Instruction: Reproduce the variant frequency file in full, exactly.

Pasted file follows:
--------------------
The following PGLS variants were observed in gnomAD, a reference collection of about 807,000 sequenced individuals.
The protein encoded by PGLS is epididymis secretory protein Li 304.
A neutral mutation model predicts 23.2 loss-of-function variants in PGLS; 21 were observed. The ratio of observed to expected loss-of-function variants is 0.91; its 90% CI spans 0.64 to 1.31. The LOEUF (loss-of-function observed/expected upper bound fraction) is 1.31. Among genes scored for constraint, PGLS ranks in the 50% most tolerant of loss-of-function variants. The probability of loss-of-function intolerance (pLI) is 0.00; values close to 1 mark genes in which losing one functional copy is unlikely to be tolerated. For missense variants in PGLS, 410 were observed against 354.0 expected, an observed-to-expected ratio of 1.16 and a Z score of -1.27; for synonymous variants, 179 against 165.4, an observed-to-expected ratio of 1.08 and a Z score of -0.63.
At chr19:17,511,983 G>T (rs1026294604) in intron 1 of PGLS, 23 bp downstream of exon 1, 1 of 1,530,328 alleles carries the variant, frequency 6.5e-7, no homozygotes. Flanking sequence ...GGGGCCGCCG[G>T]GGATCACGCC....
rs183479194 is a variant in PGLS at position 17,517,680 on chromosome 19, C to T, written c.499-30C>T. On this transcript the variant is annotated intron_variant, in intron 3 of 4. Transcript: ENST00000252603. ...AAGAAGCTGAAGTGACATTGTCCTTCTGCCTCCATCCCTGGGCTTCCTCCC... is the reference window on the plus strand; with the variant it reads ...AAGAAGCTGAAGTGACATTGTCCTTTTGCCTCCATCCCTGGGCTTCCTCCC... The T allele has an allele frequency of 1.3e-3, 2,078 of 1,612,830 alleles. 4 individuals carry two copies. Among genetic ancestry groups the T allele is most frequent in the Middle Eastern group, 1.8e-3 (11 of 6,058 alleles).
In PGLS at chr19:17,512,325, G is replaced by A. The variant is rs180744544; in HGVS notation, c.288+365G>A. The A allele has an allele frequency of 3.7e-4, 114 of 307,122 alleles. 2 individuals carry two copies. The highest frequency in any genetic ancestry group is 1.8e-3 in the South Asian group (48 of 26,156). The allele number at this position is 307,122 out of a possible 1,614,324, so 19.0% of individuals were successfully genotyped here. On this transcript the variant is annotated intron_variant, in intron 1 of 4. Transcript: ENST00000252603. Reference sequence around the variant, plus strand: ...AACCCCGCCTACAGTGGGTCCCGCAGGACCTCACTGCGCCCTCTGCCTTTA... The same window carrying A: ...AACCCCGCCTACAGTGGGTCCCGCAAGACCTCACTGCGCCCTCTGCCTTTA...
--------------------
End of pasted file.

The following PGLS variants were observed in gnomAD, a reference collection of about 807,000 sequenced individuals.
The protein encoded by PGLS is epididymis secretory protein Li 304.
A neutral mutation model predicts 23.2 loss-of-function variants in PGLS; 21 were observed. The ratio of observed to expected loss-of-function variants is 0.91; its 90% CI spans 0.64 to 1.31. The LOEUF (loss-of-function observed/expected upper bound fraction) is 1.31. Among genes scored for constraint, PGLS ranks in the 50% most tolerant of loss-of-function variants. The probability of loss-of-function intolerance (pLI) is 0.00; values close to 1 mark genes in which losing one functional copy is unlikely to be tolerated. For missense variants in PGLS, 410 were observed against 354.0 expected, an observed-to-expected ratio of 1.16 and a Z score of -1.27; for synonymous variants, 179 against 165.4, an observed-to-expected ratio of 1.08 and a Z score of -0.63.
At chr19:17,511,983 G>T (rs1026294604) in intron 1 of PGLS, 23 bp downstream of exon 1, 1 of 1,530,328 alleles carries the variant, frequency 6.5e-7, no homozygotes. Flanking sequence ...GGGGCCGCCG[G>T]GGATCACGCC....
rs183479194 is a variant in PGLS at position 17,517,680 on chromosome 19, C to T, written c.499-30C>T. On this transcript the variant is annotated intron_variant, in intron 3 of 4. Transcript: ENST00000252603. ...AAGAAGCTGAAGTGACATTGTCCTTCTGCCTCCATCCCTGGGCTTCCTCCC... is the reference window on the plus strand; with the variant it reads ...AAGAAGCTGAAGTGACATTGTCCTTTTGCCTCCATCCCTGGGCTTCCTCCC... The T allele has an allele frequency of 1.3e-3, 2,078 of 1,612,830 alleles. 4 individuals carry two copies. Among genetic ancestry groups the T allele is most frequent in the Middle Eastern group, 1.8e-3 (11 of 6,058 alleles).
In PGLS at chr19:17,512,325, G is replaced by A. The variant is rs180744544; in HGVS notation, c.288+365G>A. The A allele has an allele frequency of 3.7e-4, 114 of 307,122 alleles. 2 individuals carry two copies. The highest frequency in any genetic ancestry group is 1.8e-3 in the South Asian group (48 of 26,156). The allele number at this position is 307,122 out of a possible 1,614,324, so 19.0% of individuals were successfully genotyped here. On this transcript the variant is annotated intron_variant, in intron 1 of 4. Transcript: ENST00000252603. Reference sequence around the variant, plus strand: ...AACCCCGCCTACAGTGGGTCCCGCAGGACCTCACTGCGCCCTCTGCCTTTA... The same window carrying A: ...AACCCCGCCTACAGTGGGTCCCGCAAGACCTCACTGCGCCCTCTGCCTTTA...